By "discuss," I mean that I griped a lot while he scowled.

Finally, I agreed that we could do this if we also secured the backyard fence this weekend. We sanded and stained the wood, which was a step that he was going to omit before he realized that he would have to convince me it was a good idea at all. And everything takes longer than you think, so right now the boards are laid out on the kitchen table while the stain dries. Every home improvement project is a learning experience, both in what to do and how to peacefully interact with your co-projecteer.

It has been a squabbly weekend, which frankly has not boosted my motivation to plan a wedding. But despite our inexperience and our bickering, it appears the shelves will look pretty good. When they are done, I will be glad to be rid of the old cabinet and proud of our custom shelves. Until then, I'm just kinda tired.



I went to the Red Cross this morning, for my bi-monthly (octo-weekly?) appointment to have my life force drained for the purpose of putting it into some stranger who is running on empty (or something like that, I'm not a doctor). But I got shot down. My blood was rejected because my iron levels were low.

For those unfamiliar with the blood donation process, the iron check is after you read the information booklet but before you answer the embarrassing questions about things you might've done with men who have done other things with men since 1977. They thoroughly wash your middle finger and then prick it while hiding behind a clear plastic splash shield, like the kind they have at the Golden Corral. Then they collect a little blood into a plastic thing that goes into a hemoglobinometer, which measures the amount of hemoglobin in your blood. Hemoglobin contains iron and carries oxygen from the lungs to all the various places in your body that need it. My number came up 11.4 grams per decilitre, and the minimum they allow for women is 12.5 g/dL (by the way, g/dL is probably the best unit notation ever).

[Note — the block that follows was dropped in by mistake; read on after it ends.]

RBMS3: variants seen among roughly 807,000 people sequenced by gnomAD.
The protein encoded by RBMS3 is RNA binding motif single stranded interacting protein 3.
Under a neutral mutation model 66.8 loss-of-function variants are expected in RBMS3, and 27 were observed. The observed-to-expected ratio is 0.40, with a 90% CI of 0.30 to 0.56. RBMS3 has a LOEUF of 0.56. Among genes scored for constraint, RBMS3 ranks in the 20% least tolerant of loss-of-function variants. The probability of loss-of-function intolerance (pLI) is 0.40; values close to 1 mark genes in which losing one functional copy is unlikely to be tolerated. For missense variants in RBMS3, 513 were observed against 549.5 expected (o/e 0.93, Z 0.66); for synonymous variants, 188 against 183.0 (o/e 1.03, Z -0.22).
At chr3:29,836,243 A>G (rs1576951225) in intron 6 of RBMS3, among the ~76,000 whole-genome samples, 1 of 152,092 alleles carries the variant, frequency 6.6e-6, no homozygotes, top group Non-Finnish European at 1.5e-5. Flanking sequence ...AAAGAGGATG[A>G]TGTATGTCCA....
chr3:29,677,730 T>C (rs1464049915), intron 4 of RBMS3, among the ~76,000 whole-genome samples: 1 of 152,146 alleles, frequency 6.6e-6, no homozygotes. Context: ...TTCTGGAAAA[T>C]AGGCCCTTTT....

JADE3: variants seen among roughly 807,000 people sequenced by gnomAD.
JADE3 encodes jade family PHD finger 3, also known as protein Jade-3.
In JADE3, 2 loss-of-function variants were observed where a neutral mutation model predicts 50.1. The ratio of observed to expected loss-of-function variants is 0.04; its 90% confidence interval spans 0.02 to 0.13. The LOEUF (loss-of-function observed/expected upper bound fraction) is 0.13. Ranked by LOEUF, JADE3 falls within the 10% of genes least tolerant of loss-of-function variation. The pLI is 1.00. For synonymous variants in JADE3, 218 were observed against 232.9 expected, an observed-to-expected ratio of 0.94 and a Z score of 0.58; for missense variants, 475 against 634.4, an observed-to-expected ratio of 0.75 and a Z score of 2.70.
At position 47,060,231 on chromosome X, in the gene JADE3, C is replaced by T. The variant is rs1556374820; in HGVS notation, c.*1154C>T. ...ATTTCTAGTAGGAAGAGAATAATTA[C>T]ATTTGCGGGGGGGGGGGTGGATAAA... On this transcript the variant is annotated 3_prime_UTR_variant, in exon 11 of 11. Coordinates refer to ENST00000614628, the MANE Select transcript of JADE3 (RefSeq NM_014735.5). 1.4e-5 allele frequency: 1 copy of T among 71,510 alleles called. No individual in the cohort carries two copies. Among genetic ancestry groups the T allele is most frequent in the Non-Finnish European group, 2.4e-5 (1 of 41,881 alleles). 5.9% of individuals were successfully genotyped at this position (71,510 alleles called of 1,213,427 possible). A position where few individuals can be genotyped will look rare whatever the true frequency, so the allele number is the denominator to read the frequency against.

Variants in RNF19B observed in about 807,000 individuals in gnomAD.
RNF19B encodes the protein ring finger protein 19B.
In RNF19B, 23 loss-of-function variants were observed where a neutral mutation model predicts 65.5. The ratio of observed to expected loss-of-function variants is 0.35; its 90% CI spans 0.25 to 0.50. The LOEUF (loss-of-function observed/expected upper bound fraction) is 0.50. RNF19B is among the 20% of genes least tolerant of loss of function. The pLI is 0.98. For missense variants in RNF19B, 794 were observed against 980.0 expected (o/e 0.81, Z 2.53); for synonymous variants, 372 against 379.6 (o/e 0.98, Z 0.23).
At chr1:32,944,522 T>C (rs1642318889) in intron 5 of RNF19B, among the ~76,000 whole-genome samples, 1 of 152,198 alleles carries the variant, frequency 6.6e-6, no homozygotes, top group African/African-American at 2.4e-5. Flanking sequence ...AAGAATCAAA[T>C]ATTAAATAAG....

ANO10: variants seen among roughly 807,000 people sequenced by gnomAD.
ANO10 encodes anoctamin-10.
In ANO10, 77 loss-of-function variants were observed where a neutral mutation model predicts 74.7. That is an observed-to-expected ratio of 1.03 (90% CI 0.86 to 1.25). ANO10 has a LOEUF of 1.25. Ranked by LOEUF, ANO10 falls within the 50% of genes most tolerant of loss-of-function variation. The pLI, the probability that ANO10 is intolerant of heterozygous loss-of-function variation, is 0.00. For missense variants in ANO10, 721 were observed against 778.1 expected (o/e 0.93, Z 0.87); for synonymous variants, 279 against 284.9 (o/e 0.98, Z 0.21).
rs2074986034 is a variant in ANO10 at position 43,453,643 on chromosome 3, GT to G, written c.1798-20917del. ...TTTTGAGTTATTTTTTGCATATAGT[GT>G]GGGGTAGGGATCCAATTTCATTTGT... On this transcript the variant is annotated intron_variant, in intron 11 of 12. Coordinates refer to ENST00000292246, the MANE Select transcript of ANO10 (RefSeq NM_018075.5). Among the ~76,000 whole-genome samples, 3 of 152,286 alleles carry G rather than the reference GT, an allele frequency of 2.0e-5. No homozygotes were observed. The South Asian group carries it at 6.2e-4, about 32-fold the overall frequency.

So the nurse who was doing this told me to sit tight, because she was going to get someone else to check it again. She also advised me to rub my hands on my pants to warm them up.

While I was still pondering these things, a man came in. He pushed aside the splash shield and pulled a splash mask off the wall. Then he proceeded to sterilize and prick my other middle finger. I asked whether it was likely my iron levels were going to change from minute to minute (I wanted to ask why it would vary from nurse to nurse, but decided not to). He explained that if you are cold, your circulation slows down, which means more iron is absorbed into the body rather than being swept along in the blood. He seemed really nervous, as if he wasn't used to talking to, like, people. Maybe most people are not curious about the blood donation process. He was likely just struck dumb by my beauty, what with my hair being still wet from the shower and all.

In any case, my left middle finger turned out to be even more iron-deficient (11.1 g/dL), so I was not allowed to give blood. The nurse gave me an information sheet about low iron and what I could do to raise my levels (hint: eat more iron).

He made sure to reassure me that I was not going to die, at least not from slightly low iron. The idea is not that I'm sick, just that I shouldn't give blood, as blood loss would lower my hemoglobin to possibly dangerous levels, and then I'd have to get a transfusion. I hadn't been worried, because iron levels fluctuate, particularly in women, who experience regular blood loss. In fact, last time I gave blood, the nurse wished she had my kind of hemoglobin readings.

So I left, still wearing my "I MAKE A DIFFERENCE" sticker. I still had all my blood, plus I had gained a lot of confusing and incomplete medical knowledge, which I have now passed onto you. I'm keeping the sticker, though.


cork crafts.

"They're making these bulletin boards now with wine corks."

"I have one of those. Haven't finished it, because I'm lazy."

"Oh, you've had other things on your plate, that's all."

"I've had it for years."